No one gets married thinking they will get divorced.
At least I hope not.
But it happens, and that’s ok. And it’s never fun. In fact, even if you’ve come to grips that divorce is the
best option for you and/or your spouse, it’s still heart-breaking. But here’s the thing, most people come out of it so much happier. Sounds hard to believe right? But after 15 years of working with divorcing couples, I know this to be true. Divorce gives us the opportunity to truly live with intention and create the life that we want.
We followed up with the very first people to use our platform back in 2018 and asked them – what life lessons or skills did you learn during or after the divorce process that have given you more perspective and/or joy? Here’s what we learned.
I am not my divorce
“I remember when all I could do was think (obsess) about my divorce — would the kids be ok? would I have enough money? …. and then one day I just accepted that I was not my divorce. My relationship worked for a really long time until it didn’t — and that’s ok. And at some point, I felt empowered.”
Forgiveness is about me — not you
“There came a moment when I least expected it, that I realized I spent more time resenting and being angrywith her, rather than focusing on myself. When I began spending energy on what I wanted and deserved, I stopped caring so much about her ‘earning my forgiveness.”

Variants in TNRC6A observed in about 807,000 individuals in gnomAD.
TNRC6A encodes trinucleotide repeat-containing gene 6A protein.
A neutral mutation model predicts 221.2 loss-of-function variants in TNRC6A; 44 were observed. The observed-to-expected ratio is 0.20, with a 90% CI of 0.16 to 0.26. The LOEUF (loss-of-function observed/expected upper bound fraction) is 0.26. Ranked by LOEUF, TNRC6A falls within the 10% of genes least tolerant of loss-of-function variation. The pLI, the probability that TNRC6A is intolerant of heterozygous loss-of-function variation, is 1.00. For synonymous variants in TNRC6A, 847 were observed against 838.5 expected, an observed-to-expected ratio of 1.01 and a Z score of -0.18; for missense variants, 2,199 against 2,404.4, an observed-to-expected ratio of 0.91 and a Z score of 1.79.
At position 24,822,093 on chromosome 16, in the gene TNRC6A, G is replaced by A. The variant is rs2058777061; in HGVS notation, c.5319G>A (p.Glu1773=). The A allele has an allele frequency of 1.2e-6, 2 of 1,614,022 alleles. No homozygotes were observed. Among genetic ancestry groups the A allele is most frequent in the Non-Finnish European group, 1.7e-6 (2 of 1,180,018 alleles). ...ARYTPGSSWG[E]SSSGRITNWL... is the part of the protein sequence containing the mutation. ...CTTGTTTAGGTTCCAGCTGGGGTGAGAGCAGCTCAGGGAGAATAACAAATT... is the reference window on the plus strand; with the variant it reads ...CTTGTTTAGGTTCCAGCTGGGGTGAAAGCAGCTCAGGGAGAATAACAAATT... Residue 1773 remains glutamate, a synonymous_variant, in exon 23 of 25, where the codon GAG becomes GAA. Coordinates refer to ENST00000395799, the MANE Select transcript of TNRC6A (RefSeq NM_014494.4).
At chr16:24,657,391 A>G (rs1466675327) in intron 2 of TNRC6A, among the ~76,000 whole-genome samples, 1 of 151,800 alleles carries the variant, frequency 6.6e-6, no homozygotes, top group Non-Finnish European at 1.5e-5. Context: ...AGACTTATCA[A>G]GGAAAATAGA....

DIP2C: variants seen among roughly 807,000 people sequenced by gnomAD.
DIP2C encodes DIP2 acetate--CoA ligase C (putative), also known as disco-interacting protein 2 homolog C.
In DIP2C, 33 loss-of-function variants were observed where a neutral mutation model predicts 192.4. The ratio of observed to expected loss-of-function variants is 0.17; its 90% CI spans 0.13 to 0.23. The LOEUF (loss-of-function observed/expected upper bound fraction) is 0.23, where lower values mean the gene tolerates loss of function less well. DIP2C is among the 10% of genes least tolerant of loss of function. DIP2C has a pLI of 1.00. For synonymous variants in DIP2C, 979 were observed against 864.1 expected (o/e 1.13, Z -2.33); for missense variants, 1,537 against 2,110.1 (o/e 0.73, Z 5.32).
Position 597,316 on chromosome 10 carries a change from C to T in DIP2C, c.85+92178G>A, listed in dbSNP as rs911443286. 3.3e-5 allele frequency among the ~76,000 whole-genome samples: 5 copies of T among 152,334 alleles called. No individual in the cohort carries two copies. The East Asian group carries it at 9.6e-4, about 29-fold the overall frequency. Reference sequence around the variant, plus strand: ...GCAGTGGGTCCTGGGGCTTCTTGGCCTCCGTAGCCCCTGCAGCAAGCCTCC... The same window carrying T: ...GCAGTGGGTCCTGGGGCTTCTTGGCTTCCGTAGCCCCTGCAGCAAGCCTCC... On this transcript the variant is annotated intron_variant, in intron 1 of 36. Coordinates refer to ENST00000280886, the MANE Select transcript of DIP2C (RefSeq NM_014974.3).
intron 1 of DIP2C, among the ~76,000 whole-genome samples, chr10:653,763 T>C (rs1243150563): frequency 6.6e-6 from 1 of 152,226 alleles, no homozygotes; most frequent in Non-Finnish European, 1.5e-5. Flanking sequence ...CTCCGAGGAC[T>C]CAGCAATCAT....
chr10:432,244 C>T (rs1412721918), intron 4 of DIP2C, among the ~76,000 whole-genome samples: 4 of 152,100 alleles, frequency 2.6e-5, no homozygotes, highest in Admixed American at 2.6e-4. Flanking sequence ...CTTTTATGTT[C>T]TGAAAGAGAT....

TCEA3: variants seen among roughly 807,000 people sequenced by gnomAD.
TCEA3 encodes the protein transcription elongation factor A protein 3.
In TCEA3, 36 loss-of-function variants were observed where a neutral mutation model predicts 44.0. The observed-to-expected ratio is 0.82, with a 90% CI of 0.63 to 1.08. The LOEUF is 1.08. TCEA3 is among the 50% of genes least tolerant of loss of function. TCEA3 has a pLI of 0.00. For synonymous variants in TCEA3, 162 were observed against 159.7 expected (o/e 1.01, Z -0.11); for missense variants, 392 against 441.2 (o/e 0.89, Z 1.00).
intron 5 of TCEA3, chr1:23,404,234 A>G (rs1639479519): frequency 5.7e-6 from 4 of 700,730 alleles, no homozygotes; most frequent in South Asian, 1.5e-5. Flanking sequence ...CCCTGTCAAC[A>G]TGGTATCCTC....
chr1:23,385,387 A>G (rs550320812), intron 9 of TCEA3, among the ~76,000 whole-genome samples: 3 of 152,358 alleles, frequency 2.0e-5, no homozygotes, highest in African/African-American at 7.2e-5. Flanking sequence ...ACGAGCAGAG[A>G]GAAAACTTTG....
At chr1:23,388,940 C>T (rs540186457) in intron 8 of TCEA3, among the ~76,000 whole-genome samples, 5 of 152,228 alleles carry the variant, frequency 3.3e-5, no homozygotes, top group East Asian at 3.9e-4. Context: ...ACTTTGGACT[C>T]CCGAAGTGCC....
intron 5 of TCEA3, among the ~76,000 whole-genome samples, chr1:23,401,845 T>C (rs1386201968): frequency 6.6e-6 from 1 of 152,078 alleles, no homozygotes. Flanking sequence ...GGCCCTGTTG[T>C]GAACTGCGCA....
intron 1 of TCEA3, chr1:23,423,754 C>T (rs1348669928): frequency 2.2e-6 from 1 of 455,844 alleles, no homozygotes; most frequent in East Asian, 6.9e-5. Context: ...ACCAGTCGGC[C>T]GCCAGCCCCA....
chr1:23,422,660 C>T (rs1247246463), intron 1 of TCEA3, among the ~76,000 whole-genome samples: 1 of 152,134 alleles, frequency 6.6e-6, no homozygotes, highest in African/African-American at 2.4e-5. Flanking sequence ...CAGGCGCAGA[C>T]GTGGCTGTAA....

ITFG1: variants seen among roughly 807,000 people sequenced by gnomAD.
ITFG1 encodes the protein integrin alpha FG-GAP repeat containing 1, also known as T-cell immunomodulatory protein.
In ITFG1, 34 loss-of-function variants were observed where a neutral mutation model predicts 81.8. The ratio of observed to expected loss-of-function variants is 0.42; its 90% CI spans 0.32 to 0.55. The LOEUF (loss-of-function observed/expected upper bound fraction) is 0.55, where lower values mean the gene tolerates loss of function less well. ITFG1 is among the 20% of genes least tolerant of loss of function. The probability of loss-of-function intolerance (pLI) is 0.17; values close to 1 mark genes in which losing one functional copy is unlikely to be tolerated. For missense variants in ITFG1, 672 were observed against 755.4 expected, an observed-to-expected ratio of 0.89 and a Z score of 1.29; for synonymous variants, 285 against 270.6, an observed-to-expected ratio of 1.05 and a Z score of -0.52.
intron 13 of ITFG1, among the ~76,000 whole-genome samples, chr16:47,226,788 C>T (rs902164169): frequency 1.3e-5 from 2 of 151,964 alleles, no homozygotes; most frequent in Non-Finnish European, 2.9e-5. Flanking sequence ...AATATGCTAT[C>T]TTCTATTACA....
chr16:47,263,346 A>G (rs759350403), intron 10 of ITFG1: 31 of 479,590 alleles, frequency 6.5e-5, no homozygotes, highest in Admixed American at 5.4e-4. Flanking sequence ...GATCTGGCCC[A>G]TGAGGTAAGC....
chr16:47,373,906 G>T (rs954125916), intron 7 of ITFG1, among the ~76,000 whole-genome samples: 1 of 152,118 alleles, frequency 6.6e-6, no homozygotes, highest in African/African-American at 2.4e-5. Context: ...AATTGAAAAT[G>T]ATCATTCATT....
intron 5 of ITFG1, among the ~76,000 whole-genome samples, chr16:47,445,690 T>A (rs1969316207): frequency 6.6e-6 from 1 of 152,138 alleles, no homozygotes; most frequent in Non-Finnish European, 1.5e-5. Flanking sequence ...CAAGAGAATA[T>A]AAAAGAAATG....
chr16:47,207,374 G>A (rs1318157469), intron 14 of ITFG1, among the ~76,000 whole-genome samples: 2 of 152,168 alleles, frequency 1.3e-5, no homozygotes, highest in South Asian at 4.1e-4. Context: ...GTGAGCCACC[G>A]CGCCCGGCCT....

Pain invited me to revisit priorities
‘No one can fully escape grief — I learned the hard way. It stirred up more pain beyond the loss of my partner and best friend. It was like I was reliving every trauma I had ever experienced in my life. But at some point, I stopped concentrating on what I lost and instead focused on what was left. The grief guided me towards a life with more purpose and intention.”
Criticism doesn’t help a co-parenting relationship
“Our co-parenting relationship started off rocky. One thing I hated about our marriage was that I felt like he would do literally zero real parenting if I didn’t push him. I became a nag and I hated being that way but felt like I didn’t have a choice. I still wanted him to be different, even after we broke up. We stayed stuck in our old pattern – I’d criticize, he’d go on the defensive. I knew nothing would change unless I did something. I began focusing on the positive stuff the kids saw in him – meeting him ‘as he is’ lent itself to way more cooperation instead of domination. I found that the more I treated him as capable of becoming his higher self, he felt seen — which was the antidote (but not full-on cure) to ongoing conflict.”
Related: How to Co-parent on the Same Team
Starting from experience, not from scratch
“There was a moment or maybe a series of moments where I realized that the only way I could become the real me, was by changing my life. I changed the patterns, rituals and habits that were holding my back and/or no longer serving me in the moment. I love who I have become – the upgraded version of myself.
Guilt be GONE
“After we separated, I had so much more time to be alone with my thoughts. I realized I was so negative toward myself! It was really hard to redirect my thoughts. The more I practiced self-love, the more I was able to rewrite that internal script. I found peace in being “human” and stopped worrying so much about what other people thought of me and my decisions.”
Fear is the mind-killer
“Ugh, I spent so many nights worrying about every possible thing. Anything outside of my control scares the sh*t out of me – which is pretty much everything when going through divorce. It is still a constant battle, but I’ve gotten so much better at living with uncertainty.”
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